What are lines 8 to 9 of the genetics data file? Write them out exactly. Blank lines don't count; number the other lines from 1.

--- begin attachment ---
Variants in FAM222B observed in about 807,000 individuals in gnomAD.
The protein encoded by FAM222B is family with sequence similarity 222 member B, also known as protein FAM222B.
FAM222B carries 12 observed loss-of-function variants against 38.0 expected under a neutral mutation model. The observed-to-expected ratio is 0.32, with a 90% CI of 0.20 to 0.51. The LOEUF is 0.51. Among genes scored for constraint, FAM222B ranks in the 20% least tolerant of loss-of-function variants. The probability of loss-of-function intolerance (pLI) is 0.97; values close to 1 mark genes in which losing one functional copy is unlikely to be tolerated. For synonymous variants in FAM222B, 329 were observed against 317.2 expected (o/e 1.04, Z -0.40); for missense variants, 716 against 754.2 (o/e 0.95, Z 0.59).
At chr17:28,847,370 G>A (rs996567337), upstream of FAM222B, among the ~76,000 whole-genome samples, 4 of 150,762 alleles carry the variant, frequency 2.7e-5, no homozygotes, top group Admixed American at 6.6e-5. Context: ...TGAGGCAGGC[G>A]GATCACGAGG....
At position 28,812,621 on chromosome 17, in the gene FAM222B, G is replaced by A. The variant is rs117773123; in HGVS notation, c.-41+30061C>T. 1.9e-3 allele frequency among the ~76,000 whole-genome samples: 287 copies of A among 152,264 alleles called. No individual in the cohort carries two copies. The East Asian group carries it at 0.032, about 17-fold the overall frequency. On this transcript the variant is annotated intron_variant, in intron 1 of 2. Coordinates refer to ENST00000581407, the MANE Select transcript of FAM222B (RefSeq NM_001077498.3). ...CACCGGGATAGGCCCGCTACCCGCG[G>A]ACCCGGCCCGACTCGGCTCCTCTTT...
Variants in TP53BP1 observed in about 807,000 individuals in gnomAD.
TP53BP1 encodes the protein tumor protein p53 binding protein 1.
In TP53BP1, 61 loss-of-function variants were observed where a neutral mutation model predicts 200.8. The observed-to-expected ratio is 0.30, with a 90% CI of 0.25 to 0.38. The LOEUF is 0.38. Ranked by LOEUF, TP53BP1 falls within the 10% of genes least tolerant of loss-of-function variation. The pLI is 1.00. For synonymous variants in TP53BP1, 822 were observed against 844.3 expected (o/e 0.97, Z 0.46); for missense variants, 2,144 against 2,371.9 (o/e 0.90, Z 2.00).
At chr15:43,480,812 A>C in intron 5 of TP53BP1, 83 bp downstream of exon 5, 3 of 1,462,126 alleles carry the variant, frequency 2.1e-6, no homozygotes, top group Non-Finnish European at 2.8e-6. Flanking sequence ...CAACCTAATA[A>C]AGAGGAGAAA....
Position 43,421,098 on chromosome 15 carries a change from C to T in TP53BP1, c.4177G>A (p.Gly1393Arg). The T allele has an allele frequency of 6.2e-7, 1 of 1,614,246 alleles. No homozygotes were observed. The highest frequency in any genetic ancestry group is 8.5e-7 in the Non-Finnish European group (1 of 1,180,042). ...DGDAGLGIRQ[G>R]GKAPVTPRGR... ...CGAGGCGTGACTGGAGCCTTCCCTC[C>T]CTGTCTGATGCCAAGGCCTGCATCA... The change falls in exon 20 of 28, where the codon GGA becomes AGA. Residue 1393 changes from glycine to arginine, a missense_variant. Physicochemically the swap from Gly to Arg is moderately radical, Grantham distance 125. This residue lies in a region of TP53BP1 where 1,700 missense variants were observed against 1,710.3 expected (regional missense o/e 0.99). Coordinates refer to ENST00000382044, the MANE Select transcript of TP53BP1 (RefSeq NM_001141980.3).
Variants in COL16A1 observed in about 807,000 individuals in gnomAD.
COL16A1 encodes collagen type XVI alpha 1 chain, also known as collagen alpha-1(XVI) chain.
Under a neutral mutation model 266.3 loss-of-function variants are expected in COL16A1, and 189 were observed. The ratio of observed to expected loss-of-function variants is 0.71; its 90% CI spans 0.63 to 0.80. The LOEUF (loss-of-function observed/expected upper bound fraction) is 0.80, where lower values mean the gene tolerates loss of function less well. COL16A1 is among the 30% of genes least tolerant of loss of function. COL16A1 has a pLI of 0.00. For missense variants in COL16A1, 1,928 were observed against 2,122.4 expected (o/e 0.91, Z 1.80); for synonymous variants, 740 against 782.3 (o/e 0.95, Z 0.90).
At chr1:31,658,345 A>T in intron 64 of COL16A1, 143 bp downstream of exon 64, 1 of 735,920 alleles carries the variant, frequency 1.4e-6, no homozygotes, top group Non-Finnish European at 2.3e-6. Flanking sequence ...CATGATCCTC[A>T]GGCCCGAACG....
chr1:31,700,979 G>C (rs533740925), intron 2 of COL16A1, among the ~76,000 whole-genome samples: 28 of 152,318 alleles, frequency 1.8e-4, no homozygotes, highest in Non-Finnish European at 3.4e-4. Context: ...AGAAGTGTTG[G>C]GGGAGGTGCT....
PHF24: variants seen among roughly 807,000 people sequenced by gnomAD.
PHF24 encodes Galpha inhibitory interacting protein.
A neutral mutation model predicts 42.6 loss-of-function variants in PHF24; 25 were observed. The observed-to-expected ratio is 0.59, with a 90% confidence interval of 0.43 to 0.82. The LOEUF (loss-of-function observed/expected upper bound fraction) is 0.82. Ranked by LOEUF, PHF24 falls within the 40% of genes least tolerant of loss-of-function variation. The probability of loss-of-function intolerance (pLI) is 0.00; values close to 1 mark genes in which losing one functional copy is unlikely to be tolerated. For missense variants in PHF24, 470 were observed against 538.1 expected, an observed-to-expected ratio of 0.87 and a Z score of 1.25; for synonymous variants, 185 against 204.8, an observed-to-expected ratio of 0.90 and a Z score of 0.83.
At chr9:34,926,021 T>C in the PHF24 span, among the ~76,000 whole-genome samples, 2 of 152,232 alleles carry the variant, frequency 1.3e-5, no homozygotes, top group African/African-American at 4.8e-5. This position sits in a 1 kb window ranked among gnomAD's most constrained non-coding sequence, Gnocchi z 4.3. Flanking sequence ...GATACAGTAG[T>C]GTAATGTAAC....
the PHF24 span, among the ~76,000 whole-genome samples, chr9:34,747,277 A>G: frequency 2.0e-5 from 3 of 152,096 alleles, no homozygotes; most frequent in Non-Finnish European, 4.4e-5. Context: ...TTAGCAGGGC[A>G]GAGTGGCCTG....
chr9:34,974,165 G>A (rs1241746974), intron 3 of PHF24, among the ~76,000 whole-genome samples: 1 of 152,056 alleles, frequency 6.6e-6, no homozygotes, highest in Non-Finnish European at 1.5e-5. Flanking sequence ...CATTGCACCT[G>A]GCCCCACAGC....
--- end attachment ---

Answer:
In TP53BP1, 61 loss-of-function variants were observed where a neutral mutation model predicts 200.8. The observed-to-expected ratio is 0.30, with a 90% CI of 0.25 to 0.38. The LOEUF is 0.38. Ranked by LOEUF, TP53BP1 falls within the 10% of genes least tolerant of loss-of-function variation. The pLI is 1.00. For synonymous variants in TP53BP1, 822 were observed against 844.3 expected (o/e 0.97, Z 0.46); for missense variants, 2,144 against 2,371.9 (o/e 0.90, Z 2.00).
At chr15:43,480,812 A>C in intron 5 of TP53BP1, 83 bp downstream of exon 5, 3 of 1,462,126 alleles carry the variant, frequency 2.1e-6, no homozygotes, top group Non-Finnish European at 2.8e-6. Flanking sequence ...CAACCTAATA[A>C]AGAGGAGAAA....